Tuesday, 6 October 2009

Moulin Rouge! (dir. Baz Luhrmann, 2001)

Moulin Rouge!, as I discovered when I watched the DVD extras a while ago, is loosely based on the myth of Orpheus in the underworld. You would have thought, what with the master's degree in myth and everything, that I would have realised this for myself, but I didn't. In my defence, I've never actually done any work on the Orpheus myth - it just hasn't come up in anything I've done - but that's not much of an excuse really.

Perhaps the reason I didn't notice was that the bit of the Orpheus myth that I always remember the best is Orpheus' journey to the underworld and his attempt to get his wife Eurydice back, which fails when he can't resist the urge to check whether she's following. The movie is interested in this aspect as well, of course, and Christian's journey into the world of Montmartre and the Moulin Rouge is envisaged as a journey into the underworld. However, rather than going there in order to retrieve his lost love, he meets her in the underworld, though his ultimate failure to bring her out from it is more reflective of the myth. There is a sense of the famous look back as Christian walks away from Satine during her final performance, but the look back is not a disastrous act of madness that ruins everything, but a return to sanity that saves their relationship, at least for a last few minutes. In the end, Christian's failure to rescue Satine from the underworld is not his fault, nor anyone else's, but a stroke of fate. I think for me, this is the major departure from the Orpheus myth. The fact that his ultimate failure is his own fault is, for me, the crux of the story of Orpheus in the underworld, so Christian and Satine's doomed romance doesn't quite feel Orphean.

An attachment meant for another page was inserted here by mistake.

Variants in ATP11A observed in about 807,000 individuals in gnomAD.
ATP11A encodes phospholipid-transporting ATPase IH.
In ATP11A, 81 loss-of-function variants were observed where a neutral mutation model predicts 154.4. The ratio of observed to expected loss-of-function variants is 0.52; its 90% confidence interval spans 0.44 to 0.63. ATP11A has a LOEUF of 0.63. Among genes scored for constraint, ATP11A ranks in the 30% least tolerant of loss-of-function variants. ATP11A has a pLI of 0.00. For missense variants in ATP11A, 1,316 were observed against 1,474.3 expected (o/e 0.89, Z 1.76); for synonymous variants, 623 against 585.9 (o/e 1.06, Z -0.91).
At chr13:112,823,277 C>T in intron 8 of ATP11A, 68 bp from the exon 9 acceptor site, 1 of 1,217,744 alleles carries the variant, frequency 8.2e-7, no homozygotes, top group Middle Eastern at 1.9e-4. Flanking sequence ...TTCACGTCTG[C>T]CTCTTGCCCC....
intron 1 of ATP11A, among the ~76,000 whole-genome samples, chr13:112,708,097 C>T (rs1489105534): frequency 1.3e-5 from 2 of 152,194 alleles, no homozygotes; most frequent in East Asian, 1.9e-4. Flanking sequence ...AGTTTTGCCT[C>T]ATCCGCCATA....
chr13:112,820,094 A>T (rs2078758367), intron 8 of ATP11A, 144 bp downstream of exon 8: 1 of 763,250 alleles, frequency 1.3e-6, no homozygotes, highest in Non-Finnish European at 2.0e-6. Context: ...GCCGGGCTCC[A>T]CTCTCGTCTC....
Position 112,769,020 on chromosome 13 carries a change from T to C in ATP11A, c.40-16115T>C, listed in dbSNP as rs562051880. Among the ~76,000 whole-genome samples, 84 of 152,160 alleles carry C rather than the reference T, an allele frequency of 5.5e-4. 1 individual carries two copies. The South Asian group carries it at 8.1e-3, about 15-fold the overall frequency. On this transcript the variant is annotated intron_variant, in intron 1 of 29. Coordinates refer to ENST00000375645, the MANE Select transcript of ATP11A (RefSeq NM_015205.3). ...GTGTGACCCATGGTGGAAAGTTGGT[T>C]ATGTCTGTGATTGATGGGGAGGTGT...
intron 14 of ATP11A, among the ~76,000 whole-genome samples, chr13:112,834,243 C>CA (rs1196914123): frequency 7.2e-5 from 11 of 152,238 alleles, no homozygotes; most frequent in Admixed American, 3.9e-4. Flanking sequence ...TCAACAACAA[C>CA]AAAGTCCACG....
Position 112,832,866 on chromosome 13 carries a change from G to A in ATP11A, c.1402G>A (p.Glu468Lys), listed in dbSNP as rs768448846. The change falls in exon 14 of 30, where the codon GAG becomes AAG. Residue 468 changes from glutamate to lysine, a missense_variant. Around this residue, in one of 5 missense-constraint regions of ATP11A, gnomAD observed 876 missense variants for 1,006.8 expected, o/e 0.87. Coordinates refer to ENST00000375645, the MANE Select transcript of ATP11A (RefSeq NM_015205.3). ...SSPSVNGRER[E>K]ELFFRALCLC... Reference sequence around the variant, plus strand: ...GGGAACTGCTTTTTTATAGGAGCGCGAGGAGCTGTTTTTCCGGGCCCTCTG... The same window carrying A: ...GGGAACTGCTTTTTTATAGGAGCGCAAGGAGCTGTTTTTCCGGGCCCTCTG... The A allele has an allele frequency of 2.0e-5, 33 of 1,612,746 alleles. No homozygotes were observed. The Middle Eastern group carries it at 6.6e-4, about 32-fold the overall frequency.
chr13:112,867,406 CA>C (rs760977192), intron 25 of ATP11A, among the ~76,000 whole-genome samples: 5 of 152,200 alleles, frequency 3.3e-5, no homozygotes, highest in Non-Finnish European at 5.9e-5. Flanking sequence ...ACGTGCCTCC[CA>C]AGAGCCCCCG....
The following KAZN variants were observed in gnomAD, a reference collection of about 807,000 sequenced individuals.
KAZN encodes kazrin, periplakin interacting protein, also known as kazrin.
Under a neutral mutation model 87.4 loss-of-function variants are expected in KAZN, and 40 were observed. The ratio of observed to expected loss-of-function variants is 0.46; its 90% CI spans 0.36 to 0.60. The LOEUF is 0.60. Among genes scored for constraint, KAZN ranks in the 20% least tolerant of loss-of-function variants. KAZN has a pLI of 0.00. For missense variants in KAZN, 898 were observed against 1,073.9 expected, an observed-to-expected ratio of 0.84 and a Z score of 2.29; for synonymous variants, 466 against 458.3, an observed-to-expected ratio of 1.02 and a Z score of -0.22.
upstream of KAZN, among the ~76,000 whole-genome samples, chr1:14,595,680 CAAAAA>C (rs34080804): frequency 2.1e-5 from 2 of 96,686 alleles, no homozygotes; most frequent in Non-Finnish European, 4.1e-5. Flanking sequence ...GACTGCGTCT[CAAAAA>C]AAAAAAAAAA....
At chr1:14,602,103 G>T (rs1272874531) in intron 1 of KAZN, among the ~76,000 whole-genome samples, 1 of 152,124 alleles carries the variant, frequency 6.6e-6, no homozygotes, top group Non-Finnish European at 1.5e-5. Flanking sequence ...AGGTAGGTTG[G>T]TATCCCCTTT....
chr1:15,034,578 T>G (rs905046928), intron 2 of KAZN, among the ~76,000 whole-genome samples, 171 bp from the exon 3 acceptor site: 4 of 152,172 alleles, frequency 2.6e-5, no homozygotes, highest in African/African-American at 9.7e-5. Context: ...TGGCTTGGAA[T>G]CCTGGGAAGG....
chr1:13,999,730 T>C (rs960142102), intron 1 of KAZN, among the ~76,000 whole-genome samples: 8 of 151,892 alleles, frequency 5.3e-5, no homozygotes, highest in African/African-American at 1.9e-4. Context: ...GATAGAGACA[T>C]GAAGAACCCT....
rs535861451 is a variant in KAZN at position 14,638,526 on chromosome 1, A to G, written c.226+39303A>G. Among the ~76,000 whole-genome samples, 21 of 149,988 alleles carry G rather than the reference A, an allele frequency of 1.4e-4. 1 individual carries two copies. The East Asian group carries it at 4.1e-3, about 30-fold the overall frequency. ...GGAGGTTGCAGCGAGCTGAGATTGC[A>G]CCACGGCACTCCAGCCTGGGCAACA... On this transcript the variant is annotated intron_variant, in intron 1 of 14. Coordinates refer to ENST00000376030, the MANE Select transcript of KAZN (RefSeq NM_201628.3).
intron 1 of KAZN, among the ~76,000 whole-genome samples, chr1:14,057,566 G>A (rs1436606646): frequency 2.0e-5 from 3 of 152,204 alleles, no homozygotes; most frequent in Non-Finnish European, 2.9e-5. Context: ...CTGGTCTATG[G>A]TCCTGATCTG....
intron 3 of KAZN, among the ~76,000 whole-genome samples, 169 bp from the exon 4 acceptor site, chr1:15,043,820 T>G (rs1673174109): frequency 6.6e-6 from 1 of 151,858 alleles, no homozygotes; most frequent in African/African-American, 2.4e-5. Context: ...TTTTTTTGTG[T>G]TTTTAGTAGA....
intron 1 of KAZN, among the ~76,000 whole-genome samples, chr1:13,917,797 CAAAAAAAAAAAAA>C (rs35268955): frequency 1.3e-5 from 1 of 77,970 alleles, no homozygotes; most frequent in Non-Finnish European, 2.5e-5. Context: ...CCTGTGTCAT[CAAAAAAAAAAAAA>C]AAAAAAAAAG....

The part of the Orpheus myth that the film does reflect very strongly, though, is the part I always forget about - Orpheus the musician. The son of the Muse Calliope, Orpheus is best known for his musical skill, and of course, this is reflected beautifully in Christian's song-writing skill. Christian's 'enormous talent' is depicted as far ahead of those around him, and his singing and song-writing enchants everyone around him in a very Orphean manner.

I enjoyed Moulin Rouge! for years without realising that it was supposed to be the myth of Orpheus, but I do like the extra dimension it now has with that extra knowledge. The film does very well at depicting the world of Montmartre as a dark, opressive place anyway, but seeing it as Hades does give it that extra creepy dimension. It also makes Satine's struggles to get out into the world above more dramatic and her ultimate failure more heartbreaking. Seeing Christian as Orpheus also gives his extraordinary musical skill an added dimension. Overall, it's perfectly possible to enjoy the movie without knowing anything about the myth, but it's rather fun to watch it with the myth in mind.


  1. I never would have thought of that! You're right, it does add another layer to it. I'll have to pop it in the dvd player when I get home and then check out those bonuses (if I have an edition w/ bonuses)

  2. Sometimes I think these after-the-fact declarations that a work is "inspired by" or "based on" various classical or simply classic tales is as much the result of somebody asking if that is the case as anything else. Rather than look stupid and say "what?" or "I never thought of that", the people involved nod sagely and agree that was their intent. That or they have such a vague and poor understanding of the original material that it makes no difference.

    Musician goes into the underworld to get back wife, but fails is a very bare bones precis of the Orpheus myth. On top of the things missing which you mentioned, I have to ask if he gets torn to pieces (metaphorically or otherwise) afterward. If not, then they're just trying to add depth to their story after the fact.

  3. Well, he's emotionally torn to pieces... ;) I'm willing to give them the benefit of the doubt and assume they really did think of it when writing - it's just more of an inspiration than material for an adaptation.

  4. Well, that was very interesting to know. I never thought of the movie this way.


  5. i was struck by moulin rouge by heart


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